A couple of months ago, my dear man and I attended a Stop the Bleed training class. Sounds intimidating, doesn’t it?
It isn’t. And that’s exactly the point of the course we took at REMSA (Regional Emergency Medical Services Authority) here in northern Nevada. The goal is to put life-saving knowledge into our hands because
…anyone at the scene can act as immediate responder and save lives if they know what to do.—bleedingcontrol.org
Why you need it
When bad things happen, it’s always our fellow citizens—the people right next to us at that very moment—who are on the scene first. When severe bleeding is the issue, it’s a life and death situation that plays out in less than 10 minutes. Depending on the severity of the wound that might be as short as five minutes.
Response times for emergency professionals are often far longer than five minutes. Due to the nature of our systems, staffing levels, and the number of patients at a scene, help is often too late in a severe bleeding scenario. So having us non-professionals out there armed with basic knowledge and a few simple tools means we can keep someone alive until EMTs arrive. That person could be a complete stranger to you. It could also be your own loved one.
The Stop the Bleed class only lasts a few hours and spans the range of how to deal with life-threatening bleeding depending on the injured part of the body. The curriculum covers using tourniquets, dressings, and hand pressure to control catastrophic blood loss. Instructors also offer insight into getting consent from the patient as well as how to talk to them in that high-stress situation.
The concepts and procedures in the class are designed to be simple. Again, the goal is to give you the basic skills to be the immediate responder until more help arrives. That simplicity means we aren’t mentally paralyzed by complicated decisions when we are faced with an emergency.
You can certainly read up about the procedures online but that isn’t actually training. The hands-on practice in class is the most valuable experience. Working with professionals who walk you through the process and show you what’s necessary to save someone from bleeding to death can’t be duplicated in a virtual setting. Using a tourniquet to effectively stop serious bleeding require a tremendous amount of pressure. You’ll probably underestimate how much until you experience how that feels when someone demonstrates it on you and when you try it on another person.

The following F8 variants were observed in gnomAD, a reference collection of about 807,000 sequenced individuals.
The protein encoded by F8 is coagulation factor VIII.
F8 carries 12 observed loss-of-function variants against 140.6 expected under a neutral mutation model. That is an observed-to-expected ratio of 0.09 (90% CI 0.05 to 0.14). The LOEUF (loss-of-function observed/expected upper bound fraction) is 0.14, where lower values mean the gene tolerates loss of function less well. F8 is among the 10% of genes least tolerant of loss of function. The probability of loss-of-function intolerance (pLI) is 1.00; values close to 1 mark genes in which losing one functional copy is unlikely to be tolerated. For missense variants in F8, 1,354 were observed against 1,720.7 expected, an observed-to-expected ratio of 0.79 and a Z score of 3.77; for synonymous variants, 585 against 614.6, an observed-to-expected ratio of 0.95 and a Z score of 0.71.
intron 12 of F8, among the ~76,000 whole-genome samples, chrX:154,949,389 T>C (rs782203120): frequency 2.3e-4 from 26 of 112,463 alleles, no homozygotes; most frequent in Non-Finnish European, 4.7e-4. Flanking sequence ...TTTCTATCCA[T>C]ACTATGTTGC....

The bottom line is that for the small class fee, you get hands-on training, a tourniquet kit, and the resources to save lives. In my world, that’s a no-brainer.
I’m from an era in which tourniquets were seen as an absolute last resort. The general consensus used to be that applying a tourniquet meant you were deciding that person would lose a limb. We now know that a tourniquet can be left on for many hours and not cause permanent damage from lack of blood supply.
That’s a game-changer in our ability to help. While the class does provide guidelines about when to apply tourniquets, the additional comfort in knowing you’re not causing more harm than good means you don’t have to hesitate to help someone who really needs help.
Call to action
This training is appropriate for anyone. Many of the people in our class were taking it in some sort of professional capacity. But many were like us, people who want to protect ourselves and are willing to help others.
The EMTs want us to know what to do, as well. They recognize we’re all in this together and that they can’t be right by your side the instant something happens.
Please don’t wait to get this training until something bad happens that you could have prevented. You will never forgive yourself if some simple training could have saved your loved one.
You can find a class here on the BleedingControl.org website.
For a little more insight into the class, here’s a video made during the class by KUNR featuring yours truly and my dear man. (Click on the link for the full article accompanying the video.)